Thursday, November 16, 2006

Two ways to hold title

I thought this was an interesting question from a reader:

My girlfriend and I want to buy a condo in Roseville. I am self-employed, and so was not planning on going on the mortgage application. We want to know how to ensure that the house is equally both of ours and will go fully to the other person should one of us die. Do we put me on the title and deed at closing? Can we do this if I am not on the mortgage app? What effect will this have on us when we get married?

Answer: Since you are not currently married, you and your girl-friend can co-own the condo either as Tenants In Common or as Joint Tenants With Right of Survivorship. NUPPLegal defines these two methods of ownership as:

1. Tenancy in Common: In a tenancy in common, all owners have equal rights to use the property. Ownership shares may be equal, however, unequal shares may be arranged by deed or other written contract. An advantage of tenancy in common ownership is that each co-owner is free to transfer or bequeath his/her interest to anyone he/she chooses.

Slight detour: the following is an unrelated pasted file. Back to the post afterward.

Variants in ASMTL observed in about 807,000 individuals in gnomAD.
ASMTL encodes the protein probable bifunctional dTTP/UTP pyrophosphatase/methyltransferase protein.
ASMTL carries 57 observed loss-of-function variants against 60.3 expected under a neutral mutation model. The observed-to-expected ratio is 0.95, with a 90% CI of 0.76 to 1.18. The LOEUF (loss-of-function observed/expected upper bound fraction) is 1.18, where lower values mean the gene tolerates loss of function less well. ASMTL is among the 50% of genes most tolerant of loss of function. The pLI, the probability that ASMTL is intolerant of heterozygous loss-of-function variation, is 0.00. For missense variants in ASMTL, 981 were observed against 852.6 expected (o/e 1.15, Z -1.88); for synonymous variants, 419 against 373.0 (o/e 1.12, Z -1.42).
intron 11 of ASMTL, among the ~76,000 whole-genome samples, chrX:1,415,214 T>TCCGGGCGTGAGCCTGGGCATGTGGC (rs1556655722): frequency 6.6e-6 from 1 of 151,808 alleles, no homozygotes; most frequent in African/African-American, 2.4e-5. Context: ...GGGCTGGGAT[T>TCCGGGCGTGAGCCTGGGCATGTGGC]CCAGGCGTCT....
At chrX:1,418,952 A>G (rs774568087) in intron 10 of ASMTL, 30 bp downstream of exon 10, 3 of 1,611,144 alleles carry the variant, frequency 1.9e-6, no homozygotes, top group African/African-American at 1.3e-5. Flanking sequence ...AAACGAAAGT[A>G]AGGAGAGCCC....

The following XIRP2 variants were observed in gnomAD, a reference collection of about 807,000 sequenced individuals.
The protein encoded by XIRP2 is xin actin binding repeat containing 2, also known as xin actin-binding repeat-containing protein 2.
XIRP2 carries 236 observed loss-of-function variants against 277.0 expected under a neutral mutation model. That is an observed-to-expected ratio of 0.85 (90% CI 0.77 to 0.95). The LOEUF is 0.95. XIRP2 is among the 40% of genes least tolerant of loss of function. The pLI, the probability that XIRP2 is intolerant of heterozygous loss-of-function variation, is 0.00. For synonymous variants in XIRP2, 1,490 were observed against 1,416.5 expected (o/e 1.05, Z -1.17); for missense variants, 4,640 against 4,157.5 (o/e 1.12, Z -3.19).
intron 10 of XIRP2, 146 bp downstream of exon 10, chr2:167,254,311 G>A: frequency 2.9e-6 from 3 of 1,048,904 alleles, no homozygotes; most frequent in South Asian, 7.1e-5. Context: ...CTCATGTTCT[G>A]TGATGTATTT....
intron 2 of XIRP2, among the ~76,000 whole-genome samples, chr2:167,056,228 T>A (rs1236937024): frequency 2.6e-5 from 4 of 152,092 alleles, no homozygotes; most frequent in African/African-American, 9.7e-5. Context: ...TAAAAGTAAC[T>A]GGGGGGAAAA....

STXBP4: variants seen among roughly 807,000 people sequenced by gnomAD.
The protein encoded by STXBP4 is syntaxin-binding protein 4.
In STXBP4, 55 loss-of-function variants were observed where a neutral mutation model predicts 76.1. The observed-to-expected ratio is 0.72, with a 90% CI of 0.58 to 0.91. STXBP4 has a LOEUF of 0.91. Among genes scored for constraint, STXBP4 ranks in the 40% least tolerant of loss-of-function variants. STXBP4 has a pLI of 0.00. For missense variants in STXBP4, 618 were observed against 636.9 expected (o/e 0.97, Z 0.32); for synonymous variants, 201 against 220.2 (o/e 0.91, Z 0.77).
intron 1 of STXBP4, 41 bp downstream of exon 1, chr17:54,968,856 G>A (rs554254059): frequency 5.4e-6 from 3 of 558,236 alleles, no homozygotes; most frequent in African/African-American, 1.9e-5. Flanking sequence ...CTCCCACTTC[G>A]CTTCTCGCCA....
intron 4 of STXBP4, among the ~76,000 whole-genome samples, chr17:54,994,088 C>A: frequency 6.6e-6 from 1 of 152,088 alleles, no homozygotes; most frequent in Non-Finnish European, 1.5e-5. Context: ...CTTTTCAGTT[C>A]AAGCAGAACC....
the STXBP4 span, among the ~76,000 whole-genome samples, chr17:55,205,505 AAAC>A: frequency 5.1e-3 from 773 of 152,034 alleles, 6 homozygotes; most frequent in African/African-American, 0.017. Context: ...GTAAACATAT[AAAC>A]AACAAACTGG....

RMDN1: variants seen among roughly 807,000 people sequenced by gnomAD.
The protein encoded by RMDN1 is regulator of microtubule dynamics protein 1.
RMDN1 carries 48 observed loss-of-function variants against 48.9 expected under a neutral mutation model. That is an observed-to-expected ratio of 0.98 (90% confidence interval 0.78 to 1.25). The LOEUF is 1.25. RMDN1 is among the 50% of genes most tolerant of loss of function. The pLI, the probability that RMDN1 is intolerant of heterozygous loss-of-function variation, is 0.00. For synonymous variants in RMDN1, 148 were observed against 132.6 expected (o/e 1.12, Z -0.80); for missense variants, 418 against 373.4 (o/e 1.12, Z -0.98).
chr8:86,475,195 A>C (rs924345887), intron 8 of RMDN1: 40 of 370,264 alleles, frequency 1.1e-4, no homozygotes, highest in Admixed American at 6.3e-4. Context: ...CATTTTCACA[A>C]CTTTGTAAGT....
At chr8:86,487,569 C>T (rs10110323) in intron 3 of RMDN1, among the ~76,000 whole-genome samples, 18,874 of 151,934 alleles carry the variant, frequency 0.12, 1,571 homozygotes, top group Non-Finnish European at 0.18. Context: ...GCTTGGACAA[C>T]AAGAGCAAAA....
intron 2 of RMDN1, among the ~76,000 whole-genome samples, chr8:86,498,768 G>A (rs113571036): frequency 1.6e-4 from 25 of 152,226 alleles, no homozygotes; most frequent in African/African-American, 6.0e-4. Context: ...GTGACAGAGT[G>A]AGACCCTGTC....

Tenancy in common is the most common way for unmarried people to own property together. Married couples also can use this form of co-ownership, but more often choose joint tenancy or tenancy by the entirety.

2. Joint Tenancy with Right of Survivorship: Any two (or more) people can own property-typically real estate or a bank account-in joint tenancy with rights of survivorship. When one of them dies, his or her share automatically goes to the surviving owner. The phrase "as joint tenants with full rights of survivorship" or similar wording (governed by state statute) must appear in the deed. A joint tenant cannot use a will to leave his or her share of joint tenancy property to someone else. If all joint tenants die simultaneously, no one owner has survived any of the others, each joint tenant's interest in the property passes by their will.
Sometimes owners decide to change ownership of property from joint tenancy to tenancy in common in order to leave their interests to someone other than the surviving joint tenant(s). In most all states, transfers out of joint tenancy into another form of co-ownership can be done even if the other joint tenant objects.
Having your girl-friend have all the liability for the mortgage while you have equal rights to the property may be an ideal situation for you but may not be fair for her. As long as you have good credit you can still go on the mortgage without it affecting the loan. She can also take title in her name only and then add your name to title after you get married. That might be good motivation for you to make the commitment.


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